Who is Michael Fanone and where is he from?

PRO-Donald Trump supporters stormed the US Capitol on January 6, 2021, to disrupt the joint session of Congress assembled to count electoral votes to formalize Joe Biden's victory.

The violent protests led to the death of five people, including Capitol police officer Brian Sicknick – who died of natural causes after the siege.

Who is Michael Fanone and where is he from?

Michael Fanone is a Washington DC metropolitan police officer who defended the US Capitol on January 6.

During the Capitol siege, Fanone was swarmed by a pro-Trump mob and dragged down the Capitol steps.

Fanone suffered a mild heart attack and a concussion as he was shocked with a stun gun and beaten.

Days after the events at the US Capitol, Fenone described the scene to CNN like going up against the mob – saying he was stripped of his gear, his spare ammunition, had his police radio ripped off his chest and had his badge stolen.

"Some guys started getting a hold of my gun and they were screaming out, 'Kill him with his own gun,’ ” Fanone said.

What did Fanone say to GOP Rep Andrew Clyde?

During an interview with CNN on June 16, Fanone ripped Republican Rep Andrew Clyde for what he called "disgusting" behavior during a tense exchange.

Fanone told the outlet that he had come across Clyde in the Capitol and had been dismissed by the congressman after approaching him outside an elevator earlier in the day.

Fanone's account comes after 21 House Republicans, including Clyde, voted against legislation to award the Congressional Gold Medal to the officers who had defended the Capitol.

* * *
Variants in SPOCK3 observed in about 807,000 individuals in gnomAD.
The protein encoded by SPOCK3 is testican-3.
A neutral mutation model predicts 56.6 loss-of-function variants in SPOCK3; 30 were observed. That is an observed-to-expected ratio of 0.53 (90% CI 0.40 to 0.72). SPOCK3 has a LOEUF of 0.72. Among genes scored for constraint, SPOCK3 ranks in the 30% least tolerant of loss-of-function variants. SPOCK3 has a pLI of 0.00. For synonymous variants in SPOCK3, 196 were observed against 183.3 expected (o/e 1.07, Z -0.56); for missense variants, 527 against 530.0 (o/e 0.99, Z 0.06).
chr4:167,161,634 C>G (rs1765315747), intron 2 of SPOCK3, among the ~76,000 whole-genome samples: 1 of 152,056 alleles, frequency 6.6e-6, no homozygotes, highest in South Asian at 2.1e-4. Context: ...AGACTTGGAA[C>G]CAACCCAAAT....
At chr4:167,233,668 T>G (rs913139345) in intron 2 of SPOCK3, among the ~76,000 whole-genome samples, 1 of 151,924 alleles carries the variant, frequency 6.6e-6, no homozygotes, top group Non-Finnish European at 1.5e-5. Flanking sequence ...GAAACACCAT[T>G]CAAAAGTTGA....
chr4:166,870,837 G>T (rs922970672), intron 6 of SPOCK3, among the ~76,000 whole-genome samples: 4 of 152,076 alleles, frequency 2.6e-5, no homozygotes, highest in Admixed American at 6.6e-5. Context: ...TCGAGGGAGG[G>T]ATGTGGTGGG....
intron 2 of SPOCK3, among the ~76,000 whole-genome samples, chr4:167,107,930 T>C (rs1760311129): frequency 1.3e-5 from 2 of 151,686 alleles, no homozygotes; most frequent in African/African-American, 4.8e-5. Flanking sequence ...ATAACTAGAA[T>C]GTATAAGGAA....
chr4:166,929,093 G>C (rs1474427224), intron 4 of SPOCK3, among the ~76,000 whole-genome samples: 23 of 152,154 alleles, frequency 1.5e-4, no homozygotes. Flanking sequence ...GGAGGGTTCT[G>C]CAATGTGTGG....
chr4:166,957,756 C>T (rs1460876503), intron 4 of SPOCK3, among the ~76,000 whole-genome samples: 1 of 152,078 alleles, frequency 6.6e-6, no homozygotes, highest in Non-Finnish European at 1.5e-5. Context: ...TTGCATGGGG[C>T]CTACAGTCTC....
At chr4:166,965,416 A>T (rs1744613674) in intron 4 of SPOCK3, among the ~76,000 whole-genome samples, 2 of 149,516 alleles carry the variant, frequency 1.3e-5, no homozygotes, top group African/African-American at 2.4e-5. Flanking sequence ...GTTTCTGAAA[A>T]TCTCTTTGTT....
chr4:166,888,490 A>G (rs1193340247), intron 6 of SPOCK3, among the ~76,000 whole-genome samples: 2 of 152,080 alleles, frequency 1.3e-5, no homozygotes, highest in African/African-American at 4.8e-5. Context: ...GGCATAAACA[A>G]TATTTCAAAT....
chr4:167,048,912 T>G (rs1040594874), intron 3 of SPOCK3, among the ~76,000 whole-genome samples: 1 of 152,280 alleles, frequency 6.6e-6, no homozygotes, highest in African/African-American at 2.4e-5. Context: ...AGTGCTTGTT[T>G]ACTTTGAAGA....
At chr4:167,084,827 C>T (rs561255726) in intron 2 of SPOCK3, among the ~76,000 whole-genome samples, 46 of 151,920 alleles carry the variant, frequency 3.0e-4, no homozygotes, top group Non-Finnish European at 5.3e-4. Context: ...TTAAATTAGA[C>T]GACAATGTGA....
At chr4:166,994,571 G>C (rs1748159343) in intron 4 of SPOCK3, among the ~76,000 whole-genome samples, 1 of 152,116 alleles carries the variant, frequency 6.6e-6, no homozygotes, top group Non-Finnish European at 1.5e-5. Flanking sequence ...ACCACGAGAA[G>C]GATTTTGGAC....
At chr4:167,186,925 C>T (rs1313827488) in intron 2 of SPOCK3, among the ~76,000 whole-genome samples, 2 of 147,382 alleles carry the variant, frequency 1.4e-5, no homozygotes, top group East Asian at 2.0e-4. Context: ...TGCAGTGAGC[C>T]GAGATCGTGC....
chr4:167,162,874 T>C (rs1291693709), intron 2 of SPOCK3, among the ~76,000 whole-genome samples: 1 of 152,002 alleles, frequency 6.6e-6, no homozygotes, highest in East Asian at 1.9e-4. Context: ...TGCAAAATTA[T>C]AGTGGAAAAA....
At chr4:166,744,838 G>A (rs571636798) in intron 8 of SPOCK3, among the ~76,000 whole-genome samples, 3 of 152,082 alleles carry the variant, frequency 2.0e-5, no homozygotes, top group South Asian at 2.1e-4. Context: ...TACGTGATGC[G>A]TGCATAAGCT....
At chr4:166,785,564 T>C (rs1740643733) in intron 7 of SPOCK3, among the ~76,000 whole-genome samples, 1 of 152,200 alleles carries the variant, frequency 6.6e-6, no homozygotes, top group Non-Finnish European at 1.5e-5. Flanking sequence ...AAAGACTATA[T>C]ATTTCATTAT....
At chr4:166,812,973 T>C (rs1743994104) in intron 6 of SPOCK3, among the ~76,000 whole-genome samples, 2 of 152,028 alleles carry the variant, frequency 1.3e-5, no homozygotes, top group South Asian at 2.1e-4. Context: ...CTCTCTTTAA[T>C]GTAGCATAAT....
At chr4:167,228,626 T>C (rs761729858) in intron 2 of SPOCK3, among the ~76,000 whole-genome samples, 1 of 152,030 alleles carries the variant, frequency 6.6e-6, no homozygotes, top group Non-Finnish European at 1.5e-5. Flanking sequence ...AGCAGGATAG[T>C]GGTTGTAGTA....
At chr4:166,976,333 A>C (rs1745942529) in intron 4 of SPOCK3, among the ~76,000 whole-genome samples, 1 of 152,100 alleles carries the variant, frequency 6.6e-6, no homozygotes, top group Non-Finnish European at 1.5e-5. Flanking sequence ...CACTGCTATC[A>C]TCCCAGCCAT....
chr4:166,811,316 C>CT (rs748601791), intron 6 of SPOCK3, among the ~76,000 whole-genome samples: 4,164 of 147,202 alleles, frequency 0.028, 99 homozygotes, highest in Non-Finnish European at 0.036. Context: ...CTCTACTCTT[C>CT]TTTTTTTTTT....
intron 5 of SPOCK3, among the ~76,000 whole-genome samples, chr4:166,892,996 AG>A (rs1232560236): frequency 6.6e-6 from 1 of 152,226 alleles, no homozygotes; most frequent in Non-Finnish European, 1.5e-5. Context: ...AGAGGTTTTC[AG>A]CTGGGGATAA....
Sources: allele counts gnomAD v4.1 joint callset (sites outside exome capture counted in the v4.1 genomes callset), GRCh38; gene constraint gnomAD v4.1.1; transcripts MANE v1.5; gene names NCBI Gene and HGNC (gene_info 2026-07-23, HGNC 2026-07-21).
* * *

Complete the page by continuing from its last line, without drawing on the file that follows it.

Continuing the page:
The vote stood as the latest reminder that members of Congress still cannot agree on the facts of the deadly January 6 riot.

"I was very cordial. I extended my hand to shake his hand. He just stared at me. I asked if he was going to shake my hand, and he told me that he didn't know who know I was," Fanone said.

"So I introduced myself. I said that I was Officer Michael Fanone. That I was a DC Metropolitan Police officer who fought on January 6 to defend the Capitol and, as a result, I suffered a traumatic brain injury as well as a heart attack after having been tased numerous times at the base of my skull, as well as being severely beaten.

“His response was nothing,” Fanone said.

“He turned away from me, pulled out his cellphone and started thumbing through the apps.”

Fanone said Clyde turned on the camera app but did not point the phone in his direction.

Fanone said he believes Clyde was trying to record audio of the encounter.

“After that, I just simply stood there,” Fanone said.

Once the elevator doors opened, Fanone said, the congressman "ran as quickly as he could, like a coward."

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